Living in the End Times
If you’re going to call your book ‘Living in the End Times’, there is a danger you’ll be regarded as an evangelical Christian or 2012 doom-sayer.
Slavoj Zizek is neither, but his book does deal with some fairly apocalyptic topics. He is a social theorist, cultural critic and ‘the world’s hippest philosopher‘ (as well as an alleged anti-Semitic left-wing zealot.) The reason for his popularity is based on his ability to engage with big philosophical questions by leveraging popular culture, and by examining current affairs.
The aforementioned book deals with what Zizek sees as four key drivers for a coming apocalypse: the worldwide ecological crisis; imbalances within the economic system; the biogenetic revolution; and exploding social divisions and ruptures. He is therefore of interest to this blog as some of his opinions intersect with 2012 eschatology (although Zizek gives no specific date for the zero-point.)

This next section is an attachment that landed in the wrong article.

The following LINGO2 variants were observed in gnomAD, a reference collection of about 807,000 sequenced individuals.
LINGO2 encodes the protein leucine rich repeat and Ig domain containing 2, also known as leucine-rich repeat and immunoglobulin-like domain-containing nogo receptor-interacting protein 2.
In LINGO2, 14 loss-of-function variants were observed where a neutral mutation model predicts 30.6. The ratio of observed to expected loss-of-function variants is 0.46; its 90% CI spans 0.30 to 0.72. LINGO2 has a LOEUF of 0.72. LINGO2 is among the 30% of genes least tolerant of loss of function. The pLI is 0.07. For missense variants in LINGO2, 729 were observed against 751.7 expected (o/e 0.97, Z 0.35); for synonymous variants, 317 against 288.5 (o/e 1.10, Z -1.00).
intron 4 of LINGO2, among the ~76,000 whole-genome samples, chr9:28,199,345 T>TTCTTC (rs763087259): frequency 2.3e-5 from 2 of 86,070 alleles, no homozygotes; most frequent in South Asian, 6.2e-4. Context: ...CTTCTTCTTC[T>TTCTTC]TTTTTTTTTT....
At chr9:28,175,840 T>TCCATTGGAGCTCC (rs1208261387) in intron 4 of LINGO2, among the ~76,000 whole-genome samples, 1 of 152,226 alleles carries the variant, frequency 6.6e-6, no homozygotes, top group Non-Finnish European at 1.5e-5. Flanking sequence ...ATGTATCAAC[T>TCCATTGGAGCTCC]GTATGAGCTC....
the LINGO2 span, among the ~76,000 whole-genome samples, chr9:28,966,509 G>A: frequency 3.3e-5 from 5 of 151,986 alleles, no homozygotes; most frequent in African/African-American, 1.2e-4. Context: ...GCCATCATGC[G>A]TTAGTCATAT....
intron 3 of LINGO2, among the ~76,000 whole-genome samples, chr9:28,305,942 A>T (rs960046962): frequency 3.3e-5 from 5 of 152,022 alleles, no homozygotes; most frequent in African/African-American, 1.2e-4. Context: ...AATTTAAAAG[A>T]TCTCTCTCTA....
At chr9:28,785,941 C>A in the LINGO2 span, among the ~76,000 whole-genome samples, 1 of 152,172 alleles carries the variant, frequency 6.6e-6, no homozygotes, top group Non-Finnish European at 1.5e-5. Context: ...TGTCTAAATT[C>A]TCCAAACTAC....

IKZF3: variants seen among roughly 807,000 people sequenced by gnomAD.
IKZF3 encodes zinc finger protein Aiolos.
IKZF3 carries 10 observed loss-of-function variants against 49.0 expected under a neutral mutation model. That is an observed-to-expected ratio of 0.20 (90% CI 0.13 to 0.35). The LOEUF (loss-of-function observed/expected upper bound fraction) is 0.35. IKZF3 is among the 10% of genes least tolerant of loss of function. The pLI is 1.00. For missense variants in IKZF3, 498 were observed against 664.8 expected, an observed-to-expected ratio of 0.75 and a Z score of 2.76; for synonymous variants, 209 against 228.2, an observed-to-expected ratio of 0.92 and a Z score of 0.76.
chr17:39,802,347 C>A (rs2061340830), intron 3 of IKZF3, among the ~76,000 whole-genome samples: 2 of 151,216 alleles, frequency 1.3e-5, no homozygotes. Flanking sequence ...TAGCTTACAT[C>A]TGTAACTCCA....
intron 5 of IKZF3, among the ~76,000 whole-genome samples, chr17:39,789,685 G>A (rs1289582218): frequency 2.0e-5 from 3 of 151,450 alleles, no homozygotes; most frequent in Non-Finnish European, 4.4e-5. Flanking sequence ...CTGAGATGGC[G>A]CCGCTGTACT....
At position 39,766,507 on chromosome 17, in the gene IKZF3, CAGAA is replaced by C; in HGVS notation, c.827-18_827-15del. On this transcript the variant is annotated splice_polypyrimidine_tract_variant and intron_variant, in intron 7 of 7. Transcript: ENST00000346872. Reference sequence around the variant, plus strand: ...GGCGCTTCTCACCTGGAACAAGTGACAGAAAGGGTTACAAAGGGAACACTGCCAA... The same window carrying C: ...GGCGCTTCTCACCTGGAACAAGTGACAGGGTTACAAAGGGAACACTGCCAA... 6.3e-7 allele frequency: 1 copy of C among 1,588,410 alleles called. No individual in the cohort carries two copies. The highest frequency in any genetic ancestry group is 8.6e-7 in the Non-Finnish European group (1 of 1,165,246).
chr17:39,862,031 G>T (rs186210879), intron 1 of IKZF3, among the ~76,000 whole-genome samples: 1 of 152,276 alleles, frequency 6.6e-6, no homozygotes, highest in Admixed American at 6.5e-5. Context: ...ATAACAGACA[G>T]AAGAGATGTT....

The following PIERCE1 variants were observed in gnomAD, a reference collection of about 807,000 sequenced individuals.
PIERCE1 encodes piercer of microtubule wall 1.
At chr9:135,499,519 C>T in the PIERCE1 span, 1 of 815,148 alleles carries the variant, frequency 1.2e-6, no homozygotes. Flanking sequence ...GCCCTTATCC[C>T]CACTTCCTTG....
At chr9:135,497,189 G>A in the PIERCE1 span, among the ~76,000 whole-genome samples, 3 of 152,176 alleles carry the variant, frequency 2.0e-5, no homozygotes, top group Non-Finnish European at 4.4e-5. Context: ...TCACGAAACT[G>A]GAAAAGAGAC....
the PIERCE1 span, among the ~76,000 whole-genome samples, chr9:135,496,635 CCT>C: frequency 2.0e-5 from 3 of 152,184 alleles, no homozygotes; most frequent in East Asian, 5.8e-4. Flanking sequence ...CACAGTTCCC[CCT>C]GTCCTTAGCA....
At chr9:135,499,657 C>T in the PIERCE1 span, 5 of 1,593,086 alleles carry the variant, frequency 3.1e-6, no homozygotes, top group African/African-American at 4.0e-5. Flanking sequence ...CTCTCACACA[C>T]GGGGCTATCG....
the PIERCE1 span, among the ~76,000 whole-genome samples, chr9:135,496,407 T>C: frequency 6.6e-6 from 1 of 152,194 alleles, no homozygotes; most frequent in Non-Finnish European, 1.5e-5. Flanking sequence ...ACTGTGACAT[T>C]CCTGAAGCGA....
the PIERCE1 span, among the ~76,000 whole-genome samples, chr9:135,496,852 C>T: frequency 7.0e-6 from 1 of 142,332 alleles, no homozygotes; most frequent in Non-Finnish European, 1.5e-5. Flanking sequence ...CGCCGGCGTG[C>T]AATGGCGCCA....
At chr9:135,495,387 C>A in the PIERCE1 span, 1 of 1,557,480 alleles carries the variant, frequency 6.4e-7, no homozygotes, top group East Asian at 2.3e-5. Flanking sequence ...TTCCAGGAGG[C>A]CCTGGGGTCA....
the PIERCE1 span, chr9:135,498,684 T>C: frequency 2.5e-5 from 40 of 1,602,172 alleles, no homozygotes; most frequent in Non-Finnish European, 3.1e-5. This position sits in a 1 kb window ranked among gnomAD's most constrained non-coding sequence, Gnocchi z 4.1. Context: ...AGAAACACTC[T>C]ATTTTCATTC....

Apart from anything else, he is superbly nihilistic – giving an existential voice to this creeping apocalypse, as these quotes show:
“The only true question today is: does global capitalism contain antagonisms strong enough to prevent its indefinite reproduction? Four possible antagonisms present themselves: the looming threat of ecological catastrophe; the inappropriateness of private property for so-called intellectual property; the socio-ethical implications of new techno-scientific developments, especially in biogenetics; and last, but not least, new forms of social apartheid—new walls and slums.”
“What unites us is that, in contrast to the classic image of proletarians who have ‘nothing to lose but their chains’, we are in danger of losing everything. The threat is that we will be reduced to an abstract, empty Cartesian subject dispossessed of all our symbolic content, with our genetic base manipulated, vegetating in an unliveable environment.”
“Precisely because the universe in which we live is somehow a universe of dead conventions and artificiality, the only authentic real experience must be some extremely violent, shattering experience. And this we experience as a sense that now we are back in real life.”
These two videos give a useful introduction to his thinking: